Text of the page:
Frederick B. Chary Talks About Life Behind the Iron Curtain in New Book
Frederick B. Chary taught and did research work in one of the most hard-line Communist countries during the Cold War - Bulgaria. He was the first American graduate student to be sent to Bulgaria after a decade of non-recognition. He shares his story and a rare cross section of life behind the Iron Curtain in his recently released memoir, "Chutzpah and Naïveté" (published by Xlibris).
"Chutzpah and Naïveté" is a firsthand account of what life was like for an American living in a communist country during the height of the Cold War. With candor and sometimes humor, Chary gives unique insight into the confrontation between the United States and Eastern Europe, guiding readers alongside his journey through Bulgaria, the United States, Israel, and other European countries.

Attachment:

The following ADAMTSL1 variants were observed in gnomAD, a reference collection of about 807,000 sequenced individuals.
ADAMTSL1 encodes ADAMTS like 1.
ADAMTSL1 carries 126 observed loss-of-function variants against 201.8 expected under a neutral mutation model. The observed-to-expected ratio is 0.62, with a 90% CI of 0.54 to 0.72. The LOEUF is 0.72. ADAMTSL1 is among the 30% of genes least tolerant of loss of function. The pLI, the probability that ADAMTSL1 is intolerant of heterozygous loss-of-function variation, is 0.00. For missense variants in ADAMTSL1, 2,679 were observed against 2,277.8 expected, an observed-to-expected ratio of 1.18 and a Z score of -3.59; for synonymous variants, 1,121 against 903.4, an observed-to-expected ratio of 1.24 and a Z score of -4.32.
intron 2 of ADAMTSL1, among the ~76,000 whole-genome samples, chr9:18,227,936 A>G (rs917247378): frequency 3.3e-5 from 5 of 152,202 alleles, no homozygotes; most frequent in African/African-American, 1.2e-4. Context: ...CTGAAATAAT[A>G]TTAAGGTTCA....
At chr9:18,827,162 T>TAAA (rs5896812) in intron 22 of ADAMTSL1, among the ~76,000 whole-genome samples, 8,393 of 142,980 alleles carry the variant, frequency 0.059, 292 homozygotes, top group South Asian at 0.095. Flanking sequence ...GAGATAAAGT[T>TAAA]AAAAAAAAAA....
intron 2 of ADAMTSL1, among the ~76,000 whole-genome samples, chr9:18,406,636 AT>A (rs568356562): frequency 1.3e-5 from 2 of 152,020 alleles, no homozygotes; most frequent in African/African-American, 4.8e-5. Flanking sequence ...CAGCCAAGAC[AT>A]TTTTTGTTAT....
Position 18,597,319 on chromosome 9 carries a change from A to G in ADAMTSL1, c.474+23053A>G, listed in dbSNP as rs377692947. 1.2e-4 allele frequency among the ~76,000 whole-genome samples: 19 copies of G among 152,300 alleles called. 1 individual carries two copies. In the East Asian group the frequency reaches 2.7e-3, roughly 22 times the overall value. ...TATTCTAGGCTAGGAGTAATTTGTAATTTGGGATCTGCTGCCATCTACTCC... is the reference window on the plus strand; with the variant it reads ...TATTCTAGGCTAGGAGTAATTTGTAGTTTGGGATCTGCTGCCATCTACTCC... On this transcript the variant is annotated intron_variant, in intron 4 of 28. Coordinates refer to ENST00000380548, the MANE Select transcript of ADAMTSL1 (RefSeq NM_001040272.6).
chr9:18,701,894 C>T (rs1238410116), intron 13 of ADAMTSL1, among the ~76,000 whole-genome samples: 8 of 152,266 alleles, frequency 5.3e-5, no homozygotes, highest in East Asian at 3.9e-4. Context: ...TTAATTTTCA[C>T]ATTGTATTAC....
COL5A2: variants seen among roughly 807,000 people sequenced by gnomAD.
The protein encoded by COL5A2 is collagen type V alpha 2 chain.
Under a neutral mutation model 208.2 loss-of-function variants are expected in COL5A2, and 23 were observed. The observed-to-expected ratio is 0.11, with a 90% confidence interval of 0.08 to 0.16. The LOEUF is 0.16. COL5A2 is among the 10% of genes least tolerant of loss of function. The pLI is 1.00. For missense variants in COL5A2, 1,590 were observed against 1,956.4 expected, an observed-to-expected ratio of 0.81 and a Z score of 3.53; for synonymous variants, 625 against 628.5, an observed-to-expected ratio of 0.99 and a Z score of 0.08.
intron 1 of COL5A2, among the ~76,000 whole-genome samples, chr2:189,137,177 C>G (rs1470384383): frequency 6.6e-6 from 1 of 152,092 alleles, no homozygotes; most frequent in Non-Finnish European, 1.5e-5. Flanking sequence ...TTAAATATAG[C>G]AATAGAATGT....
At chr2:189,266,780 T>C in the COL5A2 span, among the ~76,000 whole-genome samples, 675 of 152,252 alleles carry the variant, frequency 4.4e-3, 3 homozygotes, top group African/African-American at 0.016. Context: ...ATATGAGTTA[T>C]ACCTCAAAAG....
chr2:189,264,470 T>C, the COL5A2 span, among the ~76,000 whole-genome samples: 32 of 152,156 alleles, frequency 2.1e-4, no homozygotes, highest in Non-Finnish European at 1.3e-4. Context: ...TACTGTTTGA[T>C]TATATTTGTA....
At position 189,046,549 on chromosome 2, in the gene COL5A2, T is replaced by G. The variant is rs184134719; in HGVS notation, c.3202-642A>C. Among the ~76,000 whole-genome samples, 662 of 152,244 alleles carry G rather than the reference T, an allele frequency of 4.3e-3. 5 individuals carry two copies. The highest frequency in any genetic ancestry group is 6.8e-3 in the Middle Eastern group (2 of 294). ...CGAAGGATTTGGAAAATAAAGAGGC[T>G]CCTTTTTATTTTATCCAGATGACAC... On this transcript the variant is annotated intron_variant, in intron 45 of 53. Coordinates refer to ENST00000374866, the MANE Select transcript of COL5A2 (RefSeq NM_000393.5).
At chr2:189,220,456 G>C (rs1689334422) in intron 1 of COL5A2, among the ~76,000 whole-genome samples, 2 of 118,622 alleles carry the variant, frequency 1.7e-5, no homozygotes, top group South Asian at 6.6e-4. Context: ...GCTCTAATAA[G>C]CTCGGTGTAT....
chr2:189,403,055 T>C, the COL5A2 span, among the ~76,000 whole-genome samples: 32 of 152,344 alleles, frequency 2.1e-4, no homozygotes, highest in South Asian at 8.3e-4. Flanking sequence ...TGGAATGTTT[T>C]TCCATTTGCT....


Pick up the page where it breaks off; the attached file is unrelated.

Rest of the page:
Chary also introduces the colorful personalities that he befriended during this time, including Vladimir Filipov, the Bulgarian leader Todor Zhivkov's English translator; Andrei Pantev, whom he met when both were students and who later became a member of the Bulgarian parliament; and Neshka Robeva, the famous gymnastic-dance Olympian who helped bring down the Communist government.